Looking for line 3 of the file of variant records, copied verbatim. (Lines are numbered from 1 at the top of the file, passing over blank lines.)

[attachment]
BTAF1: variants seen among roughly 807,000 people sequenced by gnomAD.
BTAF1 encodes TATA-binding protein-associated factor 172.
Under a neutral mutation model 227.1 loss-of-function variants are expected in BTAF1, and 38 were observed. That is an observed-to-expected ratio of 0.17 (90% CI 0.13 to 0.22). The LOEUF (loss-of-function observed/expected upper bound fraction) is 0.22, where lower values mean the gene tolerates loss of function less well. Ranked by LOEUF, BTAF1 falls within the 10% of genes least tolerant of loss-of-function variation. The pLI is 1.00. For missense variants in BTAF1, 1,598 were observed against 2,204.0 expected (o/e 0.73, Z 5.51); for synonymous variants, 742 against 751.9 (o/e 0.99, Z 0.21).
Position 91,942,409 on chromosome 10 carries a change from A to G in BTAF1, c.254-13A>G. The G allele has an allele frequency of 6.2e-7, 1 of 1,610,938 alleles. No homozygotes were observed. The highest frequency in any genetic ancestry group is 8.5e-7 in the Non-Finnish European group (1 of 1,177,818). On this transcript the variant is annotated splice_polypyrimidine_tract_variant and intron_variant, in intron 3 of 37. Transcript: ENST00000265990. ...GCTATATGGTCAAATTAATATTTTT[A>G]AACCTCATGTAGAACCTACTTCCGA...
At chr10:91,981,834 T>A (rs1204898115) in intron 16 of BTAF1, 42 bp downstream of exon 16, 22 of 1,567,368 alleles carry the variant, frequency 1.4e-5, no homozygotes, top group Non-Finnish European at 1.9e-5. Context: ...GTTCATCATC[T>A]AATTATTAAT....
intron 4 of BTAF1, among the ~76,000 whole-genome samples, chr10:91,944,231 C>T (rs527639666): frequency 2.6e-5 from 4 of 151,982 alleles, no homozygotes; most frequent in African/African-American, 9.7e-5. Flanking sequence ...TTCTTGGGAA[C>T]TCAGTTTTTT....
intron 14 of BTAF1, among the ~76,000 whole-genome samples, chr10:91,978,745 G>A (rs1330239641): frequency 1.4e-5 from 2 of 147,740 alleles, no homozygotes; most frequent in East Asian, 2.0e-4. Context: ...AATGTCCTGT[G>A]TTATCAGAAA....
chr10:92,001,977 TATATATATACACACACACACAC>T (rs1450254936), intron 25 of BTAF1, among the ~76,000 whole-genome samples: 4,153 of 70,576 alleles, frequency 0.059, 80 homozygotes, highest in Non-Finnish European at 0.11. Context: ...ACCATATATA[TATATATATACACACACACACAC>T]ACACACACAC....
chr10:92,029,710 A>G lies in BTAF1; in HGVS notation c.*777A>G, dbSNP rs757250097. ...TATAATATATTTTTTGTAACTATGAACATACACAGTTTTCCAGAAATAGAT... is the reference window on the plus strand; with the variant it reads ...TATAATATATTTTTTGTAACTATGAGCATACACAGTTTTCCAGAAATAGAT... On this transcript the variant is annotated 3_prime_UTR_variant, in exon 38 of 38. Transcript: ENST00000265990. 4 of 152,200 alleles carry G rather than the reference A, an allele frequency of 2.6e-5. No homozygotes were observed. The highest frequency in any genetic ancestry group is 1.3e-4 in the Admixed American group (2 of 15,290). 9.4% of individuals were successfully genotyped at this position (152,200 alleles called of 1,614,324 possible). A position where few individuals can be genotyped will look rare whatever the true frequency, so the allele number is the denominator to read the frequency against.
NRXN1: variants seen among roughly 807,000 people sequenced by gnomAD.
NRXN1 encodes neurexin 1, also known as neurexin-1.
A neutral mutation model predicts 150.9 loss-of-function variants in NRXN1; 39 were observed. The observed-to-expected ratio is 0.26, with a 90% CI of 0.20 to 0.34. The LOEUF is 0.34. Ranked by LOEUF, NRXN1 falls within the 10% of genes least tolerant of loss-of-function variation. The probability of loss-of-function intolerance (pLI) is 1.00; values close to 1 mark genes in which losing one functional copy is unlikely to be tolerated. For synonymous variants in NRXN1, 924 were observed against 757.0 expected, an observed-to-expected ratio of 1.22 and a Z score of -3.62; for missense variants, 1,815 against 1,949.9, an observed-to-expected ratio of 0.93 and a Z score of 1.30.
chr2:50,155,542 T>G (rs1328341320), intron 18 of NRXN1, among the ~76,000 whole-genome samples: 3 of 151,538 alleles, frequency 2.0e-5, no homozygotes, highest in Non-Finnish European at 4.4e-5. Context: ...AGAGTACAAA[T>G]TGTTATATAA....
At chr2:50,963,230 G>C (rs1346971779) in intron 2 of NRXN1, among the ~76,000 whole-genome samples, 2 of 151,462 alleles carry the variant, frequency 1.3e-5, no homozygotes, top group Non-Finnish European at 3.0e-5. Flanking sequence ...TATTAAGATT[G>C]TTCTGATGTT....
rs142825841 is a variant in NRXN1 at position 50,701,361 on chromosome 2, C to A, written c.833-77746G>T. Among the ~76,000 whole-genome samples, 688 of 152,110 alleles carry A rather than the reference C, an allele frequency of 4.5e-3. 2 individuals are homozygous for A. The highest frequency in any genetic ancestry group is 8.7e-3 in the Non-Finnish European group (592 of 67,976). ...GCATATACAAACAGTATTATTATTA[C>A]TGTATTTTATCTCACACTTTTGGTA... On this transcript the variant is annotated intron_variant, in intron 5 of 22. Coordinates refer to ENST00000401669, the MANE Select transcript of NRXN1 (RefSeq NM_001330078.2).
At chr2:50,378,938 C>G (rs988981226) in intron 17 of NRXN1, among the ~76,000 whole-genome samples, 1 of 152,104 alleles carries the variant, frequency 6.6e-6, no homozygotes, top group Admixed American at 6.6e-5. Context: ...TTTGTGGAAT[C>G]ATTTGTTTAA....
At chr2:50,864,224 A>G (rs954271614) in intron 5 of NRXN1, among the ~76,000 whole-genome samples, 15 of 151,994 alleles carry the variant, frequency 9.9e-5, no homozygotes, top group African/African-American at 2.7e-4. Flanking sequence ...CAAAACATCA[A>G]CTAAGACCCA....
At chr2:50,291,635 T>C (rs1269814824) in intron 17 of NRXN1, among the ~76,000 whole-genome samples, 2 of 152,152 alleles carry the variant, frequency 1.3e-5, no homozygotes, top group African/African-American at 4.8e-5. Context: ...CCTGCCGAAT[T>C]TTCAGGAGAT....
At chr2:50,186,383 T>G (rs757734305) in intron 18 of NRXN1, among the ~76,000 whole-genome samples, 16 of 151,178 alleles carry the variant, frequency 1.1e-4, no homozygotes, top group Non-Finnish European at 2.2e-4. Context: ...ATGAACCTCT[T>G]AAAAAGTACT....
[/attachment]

Under a neutral mutation model 227.1 loss-of-function variants are expected in BTAF1, and 38 were observed. That is an observed-to-expected ratio of 0.17 (90% CI 0.13 to 0.22). The LOEUF (loss-of-function observed/expected upper bound fraction) is 0.22, where lower values mean the gene tolerates loss of function less well. Ranked by LOEUF, BTAF1 falls within the 10% of genes least tolerant of loss-of-function variation. The pLI is 1.00. For missense variants in BTAF1, 1,598 were observed against 2,204.0 expected (o/e 0.73, Z 5.51); for synonymous variants, 742 against 751.9 (o/e 0.99, Z 0.21).